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Florence Nightingale

Who is She, Her Role in Nursing, and More

Author:Katie Arps, BSN, RN

Editors:Anna Hernández, MD,Alyssa Haag,Emily Miao, PharmD,Kelsey LaFayette, DNP, RN, FNP-C

Illustrator:Jessica Reynolds, MS

Copyeditor:David G. Walker


Who is Florence Nightingale?

Florence Nightingale was a British nurse, social reformer, and statistician who is also credited as the founder of modern nursing. She was born on May 12, 1820, in Florence, Italy where her parents were vacationing. The second daughter to William and Frances Nightingale, Florence was raised in a wealthy English family with many social ties to other British elites of that time. Contrary to the role expected of affluent females of the Victorian Era, Florence wished to become a nurse after feeling a “call” to serve the poor and sick. Her parents initially refused, since nursing was considered a lower class profession, but eventually, her father allowed her to receive nursing training at a hospital in Germany. Following additional training in France, Florence returned to England to become the superintendent of a hospital for “gentlewomen'' in London.

Florence became a national hero upon returning from the Crimean War in 1856 where she and a team of nurses drastically improved the conditions of British army hospitals and the care of injured soldiers. When Florence arrived at the Barrack Hospital at the end of 1854, many more soldiers were dying of infectious diseases, such as typhoid and cholera, than their injuries from battle. With the help of a sanitary commission sent by the British government, Florence and her team lowered the death rate of hospitalized soldiers by providing clean water, promoting frequent hand washing, and establishing appropriate sanitation measures. The nurses also gave individual care to the soldiers, and Florence Nightingale was known to carry a lamp and walk through the wards at night, providing comfort to soldiers. This compassionate action, deeply appreciated by the soldiers, earned Florence Nightingale her famous nickname, “Lady with the Lamp.”

Though her work during the Crimean War is what Florence Nightingale is most well-known for, most of her work that impacted society and modern nursing took place following the war when she returned to England. Often bedridden throughout her life due to chronic effects of an illness she contracted in Crimea, Nightingale continued working tirelessly as a social reformer and healthcare advocate by pushing for improvements in other military hospitals; educating new nurses; promoting public health; and writing many books, letters, and manuscripts. Additionally, Florence contributed to the field of statistics by developing an early form of a pie chart, called a Coxcomb chart, to easily convey mortality rates, and she was the first female to become a member of the Royal Statistical Society.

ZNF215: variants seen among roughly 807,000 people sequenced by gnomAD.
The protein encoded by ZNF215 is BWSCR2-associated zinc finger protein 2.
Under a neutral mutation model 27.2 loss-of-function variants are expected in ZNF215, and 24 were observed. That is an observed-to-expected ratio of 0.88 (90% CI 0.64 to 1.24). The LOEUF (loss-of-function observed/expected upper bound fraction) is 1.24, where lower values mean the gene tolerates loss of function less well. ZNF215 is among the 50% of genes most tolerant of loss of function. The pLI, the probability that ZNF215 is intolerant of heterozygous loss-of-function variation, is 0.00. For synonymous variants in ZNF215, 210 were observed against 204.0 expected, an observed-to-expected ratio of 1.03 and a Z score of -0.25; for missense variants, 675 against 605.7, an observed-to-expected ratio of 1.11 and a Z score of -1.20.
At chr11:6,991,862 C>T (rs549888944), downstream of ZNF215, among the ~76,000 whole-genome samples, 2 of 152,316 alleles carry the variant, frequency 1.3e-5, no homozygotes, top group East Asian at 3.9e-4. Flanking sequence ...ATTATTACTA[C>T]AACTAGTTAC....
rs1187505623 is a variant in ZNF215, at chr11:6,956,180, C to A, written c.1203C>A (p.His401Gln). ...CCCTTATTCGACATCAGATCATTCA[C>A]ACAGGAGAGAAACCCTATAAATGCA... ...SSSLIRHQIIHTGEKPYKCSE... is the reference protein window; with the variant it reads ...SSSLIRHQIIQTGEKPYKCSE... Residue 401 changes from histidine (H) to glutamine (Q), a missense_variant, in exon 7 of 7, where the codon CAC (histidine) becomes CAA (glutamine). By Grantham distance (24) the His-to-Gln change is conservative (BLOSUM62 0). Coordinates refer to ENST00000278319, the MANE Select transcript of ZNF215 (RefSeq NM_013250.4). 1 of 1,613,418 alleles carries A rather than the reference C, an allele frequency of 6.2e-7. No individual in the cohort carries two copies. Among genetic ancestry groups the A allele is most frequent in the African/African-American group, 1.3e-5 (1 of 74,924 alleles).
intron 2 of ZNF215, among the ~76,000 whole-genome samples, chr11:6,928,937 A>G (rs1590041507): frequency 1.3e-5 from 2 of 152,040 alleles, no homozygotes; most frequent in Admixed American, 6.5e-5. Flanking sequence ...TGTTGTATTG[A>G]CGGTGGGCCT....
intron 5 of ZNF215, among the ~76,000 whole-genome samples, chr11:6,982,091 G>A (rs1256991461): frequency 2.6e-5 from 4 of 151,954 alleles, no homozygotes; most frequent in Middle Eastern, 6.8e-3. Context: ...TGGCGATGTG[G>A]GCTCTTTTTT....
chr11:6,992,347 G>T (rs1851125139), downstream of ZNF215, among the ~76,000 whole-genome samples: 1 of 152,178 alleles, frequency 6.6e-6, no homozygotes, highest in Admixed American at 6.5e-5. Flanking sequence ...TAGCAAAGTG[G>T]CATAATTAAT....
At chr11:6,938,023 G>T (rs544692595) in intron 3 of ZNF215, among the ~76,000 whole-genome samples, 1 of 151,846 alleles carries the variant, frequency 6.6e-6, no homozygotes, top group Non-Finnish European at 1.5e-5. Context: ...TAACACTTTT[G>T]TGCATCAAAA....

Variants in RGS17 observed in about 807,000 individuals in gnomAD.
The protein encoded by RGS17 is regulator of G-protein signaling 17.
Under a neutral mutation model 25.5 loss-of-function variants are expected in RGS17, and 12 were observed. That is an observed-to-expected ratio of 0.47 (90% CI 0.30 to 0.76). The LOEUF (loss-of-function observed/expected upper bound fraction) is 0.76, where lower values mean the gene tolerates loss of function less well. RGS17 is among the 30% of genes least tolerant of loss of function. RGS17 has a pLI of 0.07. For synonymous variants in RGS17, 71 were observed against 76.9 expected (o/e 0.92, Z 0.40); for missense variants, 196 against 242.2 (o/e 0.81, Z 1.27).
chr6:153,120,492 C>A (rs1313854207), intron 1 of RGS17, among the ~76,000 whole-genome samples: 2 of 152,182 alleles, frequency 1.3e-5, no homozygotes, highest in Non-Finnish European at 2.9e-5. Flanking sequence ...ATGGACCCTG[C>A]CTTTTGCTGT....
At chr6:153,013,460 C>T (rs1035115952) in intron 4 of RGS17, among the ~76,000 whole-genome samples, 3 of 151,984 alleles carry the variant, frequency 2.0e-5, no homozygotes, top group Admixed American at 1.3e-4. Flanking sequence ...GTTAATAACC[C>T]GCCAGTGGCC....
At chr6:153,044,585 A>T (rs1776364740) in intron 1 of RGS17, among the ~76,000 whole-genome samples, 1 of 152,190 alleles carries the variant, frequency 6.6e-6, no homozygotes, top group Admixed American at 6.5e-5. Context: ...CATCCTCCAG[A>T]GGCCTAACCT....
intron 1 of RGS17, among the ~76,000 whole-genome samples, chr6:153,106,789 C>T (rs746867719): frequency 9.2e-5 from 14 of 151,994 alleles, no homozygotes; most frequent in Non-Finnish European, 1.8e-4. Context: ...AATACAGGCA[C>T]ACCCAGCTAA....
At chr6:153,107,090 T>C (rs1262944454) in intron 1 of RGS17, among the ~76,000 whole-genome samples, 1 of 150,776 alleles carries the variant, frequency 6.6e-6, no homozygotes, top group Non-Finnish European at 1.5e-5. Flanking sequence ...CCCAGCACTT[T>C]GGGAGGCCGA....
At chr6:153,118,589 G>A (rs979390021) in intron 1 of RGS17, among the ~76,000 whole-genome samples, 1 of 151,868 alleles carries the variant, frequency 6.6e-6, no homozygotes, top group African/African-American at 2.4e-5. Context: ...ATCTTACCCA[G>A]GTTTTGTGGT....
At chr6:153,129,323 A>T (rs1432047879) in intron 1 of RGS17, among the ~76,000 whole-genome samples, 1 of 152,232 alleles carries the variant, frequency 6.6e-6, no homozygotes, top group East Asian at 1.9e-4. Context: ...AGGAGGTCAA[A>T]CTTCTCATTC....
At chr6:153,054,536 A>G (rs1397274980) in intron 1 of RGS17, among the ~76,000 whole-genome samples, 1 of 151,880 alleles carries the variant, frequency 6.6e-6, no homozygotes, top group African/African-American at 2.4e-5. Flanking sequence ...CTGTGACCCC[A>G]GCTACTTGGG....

Florence Nightingale died on August 13, 1910 at the age of 90. Though she was offered a state funeral and burial place in Westminster Abbey, her family followed Florence’s wishes for a small funeral and burial in her family’s plot in Hampshire, England.

Portrait of Florence Nightingale.

What was Florence Nightingale’s impact on the nursing profession?

Through her work during the Crimean War, Florence Nightingale was able to show that access to clean water, sanitation measures, and a healthy diet improved the health of wounded soldiers and reduced the death rate due to preventable infectious diseases. Nightingale continued to advocate for the health of the military by presenting her findings to Queen Victoria in 1856, which led to the creation of a Royal Commission that implemented many improvements across the British military medical system. Today’s basic infection control practices and evidence-based practices aimed at reducing nosocomial infections can trace many of its beginnings to the methods used by Florence.

Through her leadership and example, Florence helped transform nursing into an honorable profession. Using funds raised through donations, Florence opened the Nightingale Training School for Nurses at St Thomas’ Hospital in London in 1860 to train more nurses. Modern nursing science can trace its roots to the legacy of hygienic standards, injury treatment, and health promotion Florence Nightingale developed and taught. 

The current model of nursing care as a holistic, individual-centered approach can also be attributed to Florence Nightingale’s influence. Her strongly-held principle that each person deserves to be cared for and treated with dignity and respect regardless of their social class, occupation, or condition remains important throughout the nursing profession today. Florence's method of assessing each person’s injuries or illness within their individual context and developing a plan to help them heal is seen in today’s nursing process of assessing, creating nursing diagnoses, planning and implementing interventions, and evaluating the results.

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What is Florence Nightingale’s environmental theory?